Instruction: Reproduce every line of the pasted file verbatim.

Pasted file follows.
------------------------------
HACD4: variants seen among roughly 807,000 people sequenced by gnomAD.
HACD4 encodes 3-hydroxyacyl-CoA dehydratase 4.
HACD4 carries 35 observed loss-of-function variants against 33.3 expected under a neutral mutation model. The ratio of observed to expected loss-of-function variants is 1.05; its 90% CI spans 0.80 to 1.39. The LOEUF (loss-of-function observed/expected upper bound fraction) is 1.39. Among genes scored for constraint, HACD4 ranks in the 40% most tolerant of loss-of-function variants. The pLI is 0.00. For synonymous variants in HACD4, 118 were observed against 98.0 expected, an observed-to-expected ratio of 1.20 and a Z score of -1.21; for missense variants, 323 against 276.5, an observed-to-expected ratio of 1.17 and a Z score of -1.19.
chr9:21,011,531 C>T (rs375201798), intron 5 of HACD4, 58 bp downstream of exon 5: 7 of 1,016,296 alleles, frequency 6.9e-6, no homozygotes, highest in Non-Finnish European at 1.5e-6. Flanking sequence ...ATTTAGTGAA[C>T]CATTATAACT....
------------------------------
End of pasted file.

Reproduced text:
HACD4: variants seen among roughly 807,000 people sequenced by gnomAD.
HACD4 encodes 3-hydroxyacyl-CoA dehydratase 4.
HACD4 carries 35 observed loss-of-function variants against 33.3 expected under a neutral mutation model. The ratio of observed to expected loss-of-function variants is 1.05; its 90% CI spans 0.80 to 1.39. The LOEUF (loss-of-function observed/expected upper bound fraction) is 1.39. Among genes scored for constraint, HACD4 ranks in the 40% most tolerant of loss-of-function variants. The pLI is 0.00. For synonymous variants in HACD4, 118 were observed against 98.0 expected, an observed-to-expected ratio of 1.20 and a Z score of -1.21; for missense variants, 323 against 276.5, an observed-to-expected ratio of 1.17 and a Z score of -1.19.
chr9:21,011,531 C>T (rs375201798), intron 5 of HACD4, 58 bp downstream of exon 5: 7 of 1,016,296 alleles, frequency 6.9e-6, no homozygotes, highest in Non-Finnish European at 1.5e-6. Flanking sequence ...ATTTAGTGAA[C>T]CATTATAACT....